The Australian Competition and Consumer Commission has released a draft decision to not accept Viterra’s proposal to introduce long term agreements.

“The ACCC’s view is that, on balance, the current proposal is not acceptable in its present form,” ACCC Commissioner Cristina Cifuentes said.

The ACCC notes that the concept of long term agreements has broad support amongst exporter stakeholders. The ACCC considers that there are potential benefits in the long term agreement proposed by Viterra, if capacity is allocated in a way that balances the interests of all stakeholders.

However, the ACCC is concerned that under the current proposal Viterra has considerable discretion in relation to the allocation of long term capacity in the event of oversubscription. Viterra would have the ability and incentive to favour its own trading arm, Glencore, in any such allocation. The ACCC is also concerned that the proposal would appear to give a small number of large exporters an advantageous position in the allocation of long term capacity.

The ACCC recognises that this draft decision, if confirmed in a final decision, would mean that Viterra would need to revert to auction for at least the first part of the 2015-16 season, and that this may have little support from exporters.

“The ACCC will consider its final decision in light of the feedback it receives from stakeholders to this draft decision,” Commissioner Cifuentes said.

“The ACCC also may accept an amended proposal from Viterra that adequately addresses the concerns raised by the ACCC in the draft decision.”

The ACCC’s complete assessment of the Viterra proposal is set out at: Viterra 2015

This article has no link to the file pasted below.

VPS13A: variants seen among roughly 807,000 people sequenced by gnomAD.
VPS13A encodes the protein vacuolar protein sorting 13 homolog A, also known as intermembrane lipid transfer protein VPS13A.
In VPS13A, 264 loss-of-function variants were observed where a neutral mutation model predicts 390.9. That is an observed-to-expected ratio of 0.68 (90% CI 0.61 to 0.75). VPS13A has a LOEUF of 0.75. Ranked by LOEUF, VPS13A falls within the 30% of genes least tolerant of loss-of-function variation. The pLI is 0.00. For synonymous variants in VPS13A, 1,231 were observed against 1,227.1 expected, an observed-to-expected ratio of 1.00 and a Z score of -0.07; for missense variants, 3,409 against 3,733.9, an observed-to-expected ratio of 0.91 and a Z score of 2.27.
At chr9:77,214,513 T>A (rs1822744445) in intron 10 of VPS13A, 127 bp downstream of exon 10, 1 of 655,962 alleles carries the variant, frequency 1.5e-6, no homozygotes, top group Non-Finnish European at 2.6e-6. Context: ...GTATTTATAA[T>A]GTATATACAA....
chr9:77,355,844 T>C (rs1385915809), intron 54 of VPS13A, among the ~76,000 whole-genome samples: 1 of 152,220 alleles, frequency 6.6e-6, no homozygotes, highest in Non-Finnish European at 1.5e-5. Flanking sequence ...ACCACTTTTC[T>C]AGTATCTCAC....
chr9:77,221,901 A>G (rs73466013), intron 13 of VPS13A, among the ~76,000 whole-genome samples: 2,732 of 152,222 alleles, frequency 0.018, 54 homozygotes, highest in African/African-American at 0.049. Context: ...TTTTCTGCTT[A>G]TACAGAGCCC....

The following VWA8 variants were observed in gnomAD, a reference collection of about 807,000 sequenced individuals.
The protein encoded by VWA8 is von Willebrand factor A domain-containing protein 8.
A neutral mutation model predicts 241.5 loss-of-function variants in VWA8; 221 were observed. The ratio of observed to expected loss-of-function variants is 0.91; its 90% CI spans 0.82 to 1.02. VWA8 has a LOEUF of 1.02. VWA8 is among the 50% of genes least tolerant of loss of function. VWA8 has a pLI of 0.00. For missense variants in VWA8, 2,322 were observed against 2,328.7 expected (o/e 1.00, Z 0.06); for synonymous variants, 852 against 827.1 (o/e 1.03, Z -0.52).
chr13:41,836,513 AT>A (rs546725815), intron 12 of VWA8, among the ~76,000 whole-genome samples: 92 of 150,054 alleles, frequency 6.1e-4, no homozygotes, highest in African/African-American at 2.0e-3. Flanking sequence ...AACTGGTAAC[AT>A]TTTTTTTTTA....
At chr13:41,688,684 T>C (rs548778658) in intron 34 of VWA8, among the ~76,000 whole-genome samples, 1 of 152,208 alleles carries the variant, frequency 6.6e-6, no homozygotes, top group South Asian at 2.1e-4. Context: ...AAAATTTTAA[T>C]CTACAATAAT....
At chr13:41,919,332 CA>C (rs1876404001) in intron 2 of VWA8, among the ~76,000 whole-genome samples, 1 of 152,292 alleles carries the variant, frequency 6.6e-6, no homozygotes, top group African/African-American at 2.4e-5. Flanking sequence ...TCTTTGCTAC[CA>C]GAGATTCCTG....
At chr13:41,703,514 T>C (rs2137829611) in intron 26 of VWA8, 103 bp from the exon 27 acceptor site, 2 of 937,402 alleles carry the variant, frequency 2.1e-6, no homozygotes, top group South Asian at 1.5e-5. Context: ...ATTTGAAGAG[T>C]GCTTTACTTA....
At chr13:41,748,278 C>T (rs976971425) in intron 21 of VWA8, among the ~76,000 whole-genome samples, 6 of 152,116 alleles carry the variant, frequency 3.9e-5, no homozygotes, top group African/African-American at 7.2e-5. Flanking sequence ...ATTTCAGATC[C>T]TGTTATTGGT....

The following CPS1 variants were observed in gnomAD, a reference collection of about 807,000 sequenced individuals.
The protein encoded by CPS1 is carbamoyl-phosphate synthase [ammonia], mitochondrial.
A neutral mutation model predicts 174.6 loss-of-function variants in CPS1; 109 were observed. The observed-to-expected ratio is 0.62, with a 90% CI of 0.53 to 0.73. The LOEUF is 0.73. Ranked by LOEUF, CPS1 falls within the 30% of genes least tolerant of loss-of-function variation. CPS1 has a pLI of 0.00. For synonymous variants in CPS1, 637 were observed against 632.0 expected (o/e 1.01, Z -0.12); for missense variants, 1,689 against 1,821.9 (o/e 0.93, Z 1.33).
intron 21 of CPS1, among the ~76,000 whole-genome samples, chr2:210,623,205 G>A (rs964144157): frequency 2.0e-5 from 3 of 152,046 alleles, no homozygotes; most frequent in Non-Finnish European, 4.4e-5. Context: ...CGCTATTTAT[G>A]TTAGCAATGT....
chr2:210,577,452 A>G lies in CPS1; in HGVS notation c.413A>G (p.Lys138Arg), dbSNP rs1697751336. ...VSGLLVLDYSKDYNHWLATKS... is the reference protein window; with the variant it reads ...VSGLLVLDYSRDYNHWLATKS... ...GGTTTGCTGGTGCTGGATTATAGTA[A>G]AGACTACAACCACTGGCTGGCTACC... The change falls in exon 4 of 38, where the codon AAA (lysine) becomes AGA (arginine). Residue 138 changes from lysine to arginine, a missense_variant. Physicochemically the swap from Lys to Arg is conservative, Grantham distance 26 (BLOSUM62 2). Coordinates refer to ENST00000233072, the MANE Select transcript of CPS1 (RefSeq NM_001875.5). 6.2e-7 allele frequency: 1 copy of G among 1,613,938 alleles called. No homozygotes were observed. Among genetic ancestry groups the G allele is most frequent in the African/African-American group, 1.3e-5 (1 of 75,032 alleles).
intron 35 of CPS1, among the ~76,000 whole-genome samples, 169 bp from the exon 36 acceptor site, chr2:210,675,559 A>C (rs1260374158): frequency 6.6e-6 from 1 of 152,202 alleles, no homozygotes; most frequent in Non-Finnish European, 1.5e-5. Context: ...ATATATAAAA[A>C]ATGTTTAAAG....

Call for submissions

The ACCC is seeking public submissions from stakeholders on its draft decision to not approve Viterra’s revised proposed long term capacity allocation system. Submissions must be received before 5:00pm (AEST), 31 July 2015.

Submissions can be sent to:


Under the Port Terminal Access (Bulk Wheat) Code of Conduct (the Code), the ACCC has made a draft decision to not approve Viterra Operations Limited’s (Viterra) application to introduce long term agreements for the allocation of port capacity at its six South Australian wheat ports.

The Code, which commenced on 30 September 2014, regulates bulk wheat port terminal service providers to ensure that exporters have fair and transparent access to terminal facilities.

Viterra submitted its application to vary the capacity allocation system in its port loading protocol to introduce long term agreements on 12 March 2015. The proposed capacity allocation system would replace its current capacity allocation system that uses an auction as its primary allocation method, with a first-in-first-served (FIFS) allocation method for capacity not allocated in the auction.

Following the release of the ACCC’s issues paper on Viterra’s proposal, and the provision of submissions in response, Viterra provided a revised set of protocols on 12 June 2015.